Historical Background

Liquid helium has been a source of fascination for phy-

sicists ever since helium gas was first liquified by Kammer-

lingh Onnes in 1908. The phase diagram of helium is shown

in Fig. 1. Above the transition marked the X line in Fig. 1,

helium, usually referred to as He I, despite its obvious

quantum properties, shows many of the thermodynamic and hydro-

dynamic properties characteristic of classical liquids. Be-

low the transition, where it is referred to as He II, its

characteristics undergo drastic qualitative changes and many

of its properties are unique to helium. The most outstanding

of these changes is that of superfluidity--the vanishing of

flow resistance for the passage of the liquid through small

channels. These properties are characteristic of natural

helium, which is nearly 100% He. The lighter isotope, He,

is present in natural helium in such small quantities (about

one part in 106) that its effects are not noticeable in most

experiments. The vast amount of theoretical and experimen-

,tal work on liquid helium is well summarized by Wilks (1967),

by Woods and Cowley (1973), and by Keller (1969).

The first major step toward a theory that would explain

the unique properties of superfluid helium was the suggestion




X line

20 He I



12 s

1 2 3 4 5

Temperature (K)

Fig. 1. Phase diagram of 4He [after Wiiks (1967)].

made by London (1954) that the superfluid phase was a "fourth

state of matter" representing a macroscopic manifestation of

quantum effects. He reasoned that a significant fraction of

the liquid, or perhaps the whole liquid, might exist in a

single quantum state. Because 4He has zero spin, it will

obey Bose-Einstein statistics: in contrast, the rare isotope

He which has spin 1/2 will obey Fermi-Dirac statistics. In

Bose statistics an unlimited number of particles may occupy

an energy level. This has the mathematical consequence that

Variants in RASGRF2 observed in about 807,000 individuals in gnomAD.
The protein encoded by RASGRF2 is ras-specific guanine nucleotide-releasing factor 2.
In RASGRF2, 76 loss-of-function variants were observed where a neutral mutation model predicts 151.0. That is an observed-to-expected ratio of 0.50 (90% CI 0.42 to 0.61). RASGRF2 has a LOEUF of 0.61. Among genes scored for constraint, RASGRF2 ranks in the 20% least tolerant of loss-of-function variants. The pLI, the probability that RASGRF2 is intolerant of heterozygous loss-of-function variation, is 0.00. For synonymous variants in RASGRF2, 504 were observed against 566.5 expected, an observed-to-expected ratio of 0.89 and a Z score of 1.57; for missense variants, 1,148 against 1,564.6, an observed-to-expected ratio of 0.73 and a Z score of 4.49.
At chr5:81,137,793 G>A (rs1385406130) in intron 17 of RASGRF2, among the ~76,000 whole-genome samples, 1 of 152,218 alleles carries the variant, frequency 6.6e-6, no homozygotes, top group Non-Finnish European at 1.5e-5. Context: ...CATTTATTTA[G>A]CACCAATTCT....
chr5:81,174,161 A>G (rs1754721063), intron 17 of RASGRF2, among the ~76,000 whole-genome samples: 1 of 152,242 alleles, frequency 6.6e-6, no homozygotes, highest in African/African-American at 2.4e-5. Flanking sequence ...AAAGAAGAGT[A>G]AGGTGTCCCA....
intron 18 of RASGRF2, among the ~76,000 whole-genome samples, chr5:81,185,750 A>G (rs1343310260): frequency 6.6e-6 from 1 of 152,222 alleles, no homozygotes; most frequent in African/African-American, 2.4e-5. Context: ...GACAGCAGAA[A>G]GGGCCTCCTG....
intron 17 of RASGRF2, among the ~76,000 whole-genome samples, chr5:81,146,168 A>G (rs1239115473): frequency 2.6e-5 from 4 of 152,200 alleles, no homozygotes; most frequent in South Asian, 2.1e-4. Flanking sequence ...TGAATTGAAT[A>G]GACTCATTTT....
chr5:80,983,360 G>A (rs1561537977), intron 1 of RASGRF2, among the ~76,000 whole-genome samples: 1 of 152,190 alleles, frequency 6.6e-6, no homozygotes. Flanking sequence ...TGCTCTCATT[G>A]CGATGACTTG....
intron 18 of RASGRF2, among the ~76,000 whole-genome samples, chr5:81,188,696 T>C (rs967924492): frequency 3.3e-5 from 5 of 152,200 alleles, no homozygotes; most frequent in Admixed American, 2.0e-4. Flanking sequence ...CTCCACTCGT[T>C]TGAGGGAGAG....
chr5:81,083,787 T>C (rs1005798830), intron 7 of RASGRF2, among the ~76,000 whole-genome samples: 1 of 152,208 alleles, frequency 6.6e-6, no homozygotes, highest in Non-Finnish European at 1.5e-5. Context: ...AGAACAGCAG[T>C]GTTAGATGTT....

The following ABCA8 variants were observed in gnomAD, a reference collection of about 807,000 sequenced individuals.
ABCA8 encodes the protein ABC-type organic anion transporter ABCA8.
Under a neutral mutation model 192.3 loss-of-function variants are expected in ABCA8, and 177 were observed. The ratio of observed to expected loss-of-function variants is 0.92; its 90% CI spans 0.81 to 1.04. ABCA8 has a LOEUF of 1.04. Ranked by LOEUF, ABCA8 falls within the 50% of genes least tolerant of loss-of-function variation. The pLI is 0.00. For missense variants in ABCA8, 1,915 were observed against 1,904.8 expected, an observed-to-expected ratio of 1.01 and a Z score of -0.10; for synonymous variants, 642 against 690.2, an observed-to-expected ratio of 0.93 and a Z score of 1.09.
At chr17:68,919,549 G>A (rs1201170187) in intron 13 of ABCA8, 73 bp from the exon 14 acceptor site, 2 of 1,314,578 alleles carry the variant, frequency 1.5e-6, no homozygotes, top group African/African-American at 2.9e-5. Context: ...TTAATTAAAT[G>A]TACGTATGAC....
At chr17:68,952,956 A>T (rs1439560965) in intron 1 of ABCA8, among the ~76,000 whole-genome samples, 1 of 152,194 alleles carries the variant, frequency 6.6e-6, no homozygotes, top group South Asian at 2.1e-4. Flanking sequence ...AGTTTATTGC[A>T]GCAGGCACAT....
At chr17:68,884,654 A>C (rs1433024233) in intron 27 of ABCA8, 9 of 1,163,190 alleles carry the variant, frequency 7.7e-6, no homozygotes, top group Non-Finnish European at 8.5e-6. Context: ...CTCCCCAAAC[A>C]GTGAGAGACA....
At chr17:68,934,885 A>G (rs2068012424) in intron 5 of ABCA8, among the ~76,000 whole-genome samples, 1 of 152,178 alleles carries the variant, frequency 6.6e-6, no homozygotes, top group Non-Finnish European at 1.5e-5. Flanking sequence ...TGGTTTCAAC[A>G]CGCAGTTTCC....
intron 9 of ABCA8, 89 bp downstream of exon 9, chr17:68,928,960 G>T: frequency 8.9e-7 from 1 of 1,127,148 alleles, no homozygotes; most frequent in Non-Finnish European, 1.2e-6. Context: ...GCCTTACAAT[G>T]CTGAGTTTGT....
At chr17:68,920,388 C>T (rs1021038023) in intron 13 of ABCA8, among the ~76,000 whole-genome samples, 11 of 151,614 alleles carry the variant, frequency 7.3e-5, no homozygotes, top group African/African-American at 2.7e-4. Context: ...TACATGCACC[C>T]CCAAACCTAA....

an ideal gas of bosons, i.e., a large number of non-

interacting particles subject to Bose statistics, will for

certain values of the density and temperature of the gas have

a significant fraction of the particles "condensed" into the

ground state. This "condensation" will occur in momentum

space. Thus particles separated by large distances in the

fluid will have their moment, hence their motion, correlated.

Fermi statistics do not permit this unless there is a pairing

of the atoms. Thus the experimental fact that 3He is not a

superfluid until less than 0.003 K, in contrast to 2.17 K for

the superfluid transition in He,is easily explained.

This suggestion by London and Tisza provided the basis

for the development of a two-fluid model. London (1954)

gives a full account of the historic development of this idea

and the role played by Tisza in its development. Helium was

viewed as being composed of two interpenetrating fluids--a

superfluid with zero entropy and a normal fluid. The two-

fluid model successfully predicted most of the macroscopic

thermal phenomena in He. It also explained the tremendous

differences in low temperature properties between 3He and

He. Ho-.ever, this model had four grave weaknesses. (1) It

was a macroscopic and not a microscopic theory. (2) The

agreement between theory and experiment was qualitative, not

quantitative. (3) The theory was difficult to extend to dy-

namical situations such as the propagation of sound. (4)

Finally, the theory was a model, many of whose features, such

as the existence of the condensate, could not be experimen-

tally verified.

The next major advance was the Landau (1941, 1947)

theory of superfluidity. Landau viewed superfluid helium as

a perfect background fluid in which a gas of elementary exci-

tations moves. These excitations, which have a definite

energy and momentum, describe the "collective motion" of the

helium atoms similarly to the use of "normal modes" to de-

scribe the motion of interacting particles. The excitations

behave as quasi-particles which interact very weakly with

each other. From the energy spectrum, i.e., the relation be-

tween energy and momentum for the excitations, thermodynamic

and hydrodynamic properties of liquid helium can be deduced.

The excitations were given the names "phonons" and "rotons."

Landau pictured the phonon excitations as long wave-

length density fluctuations with energy, E, directly propor-

tional to their momentum, p, and traveling with the velocity

of sound, c. Thus,

S= cp (1.1)

in the long wavelength limit. At shorter wavelengths (larger

p) the e versus p dispersion curve passes through a minimum,

such that

S= A + (p p) 2/2p. (1.2)

The excitations in the region of the minimum were called ro-

tons. While the excitation spectrum is a smooth, continuous

curve, at low temperatures only the phonon and roton states

are significantly populated. Since the excitations were